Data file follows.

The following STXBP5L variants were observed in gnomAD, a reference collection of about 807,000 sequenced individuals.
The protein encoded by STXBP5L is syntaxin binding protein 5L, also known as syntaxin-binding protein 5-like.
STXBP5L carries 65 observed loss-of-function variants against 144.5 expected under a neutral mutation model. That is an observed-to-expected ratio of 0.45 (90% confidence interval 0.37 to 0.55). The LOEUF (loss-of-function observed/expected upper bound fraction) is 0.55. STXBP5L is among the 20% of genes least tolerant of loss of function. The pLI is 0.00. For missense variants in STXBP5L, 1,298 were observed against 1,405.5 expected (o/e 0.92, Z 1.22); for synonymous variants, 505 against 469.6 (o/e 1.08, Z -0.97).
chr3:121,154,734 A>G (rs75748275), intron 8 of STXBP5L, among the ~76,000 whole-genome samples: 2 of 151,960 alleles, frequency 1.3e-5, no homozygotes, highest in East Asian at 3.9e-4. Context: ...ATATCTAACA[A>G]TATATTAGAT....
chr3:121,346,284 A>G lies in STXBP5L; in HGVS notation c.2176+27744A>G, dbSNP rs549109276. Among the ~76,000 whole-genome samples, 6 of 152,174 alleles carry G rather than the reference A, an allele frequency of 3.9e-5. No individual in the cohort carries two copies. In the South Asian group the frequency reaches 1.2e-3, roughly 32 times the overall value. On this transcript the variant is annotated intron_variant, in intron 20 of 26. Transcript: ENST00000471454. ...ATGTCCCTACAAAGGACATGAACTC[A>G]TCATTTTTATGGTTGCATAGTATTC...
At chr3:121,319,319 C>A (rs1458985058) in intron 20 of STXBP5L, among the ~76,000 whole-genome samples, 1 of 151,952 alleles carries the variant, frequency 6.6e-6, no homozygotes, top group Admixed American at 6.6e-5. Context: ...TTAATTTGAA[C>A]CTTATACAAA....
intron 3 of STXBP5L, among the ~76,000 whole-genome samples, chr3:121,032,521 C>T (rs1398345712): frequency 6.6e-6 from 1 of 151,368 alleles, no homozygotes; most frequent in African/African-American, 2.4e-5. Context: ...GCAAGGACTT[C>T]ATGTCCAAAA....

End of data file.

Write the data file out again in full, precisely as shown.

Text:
The following STXBP5L variants were observed in gnomAD, a reference collection of about 807,000 sequenced individuals.
The protein encoded by STXBP5L is syntaxin binding protein 5L, also known as syntaxin-binding protein 5-like.
STXBP5L carries 65 observed loss-of-function variants against 144.5 expected under a neutral mutation model. That is an observed-to-expected ratio of 0.45 (90% confidence interval 0.37 to 0.55). The LOEUF (loss-of-function observed/expected upper bound fraction) is 0.55. STXBP5L is among the 20% of genes least tolerant of loss of function. The pLI is 0.00. For missense variants in STXBP5L, 1,298 were observed against 1,405.5 expected (o/e 0.92, Z 1.22); for synonymous variants, 505 against 469.6 (o/e 1.08, Z -0.97).
chr3:121,154,734 A>G (rs75748275), intron 8 of STXBP5L, among the ~76,000 whole-genome samples: 2 of 151,960 alleles, frequency 1.3e-5, no homozygotes, highest in East Asian at 3.9e-4. Context: ...ATATCTAACA[A>G]TATATTAGAT....
chr3:121,346,284 A>G lies in STXBP5L; in HGVS notation c.2176+27744A>G, dbSNP rs549109276. Among the ~76,000 whole-genome samples, 6 of 152,174 alleles carry G rather than the reference A, an allele frequency of 3.9e-5. No individual in the cohort carries two copies. In the South Asian group the frequency reaches 1.2e-3, roughly 32 times the overall value. On this transcript the variant is annotated intron_variant, in intron 20 of 26. Transcript: ENST00000471454. ...ATGTCCCTACAAAGGACATGAACTC[A>G]TCATTTTTATGGTTGCATAGTATTC...
At chr3:121,319,319 C>A (rs1458985058) in intron 20 of STXBP5L, among the ~76,000 whole-genome samples, 1 of 151,952 alleles carries the variant, frequency 6.6e-6, no homozygotes, top group Admixed American at 6.6e-5. Context: ...TTAATTTGAA[C>A]CTTATACAAA....
intron 3 of STXBP5L, among the ~76,000 whole-genome samples, chr3:121,032,521 C>T (rs1398345712): frequency 6.6e-6 from 1 of 151,368 alleles, no homozygotes; most frequent in African/African-American, 2.4e-5. Context: ...GCAAGGACTT[C>T]ATGTCCAAAA....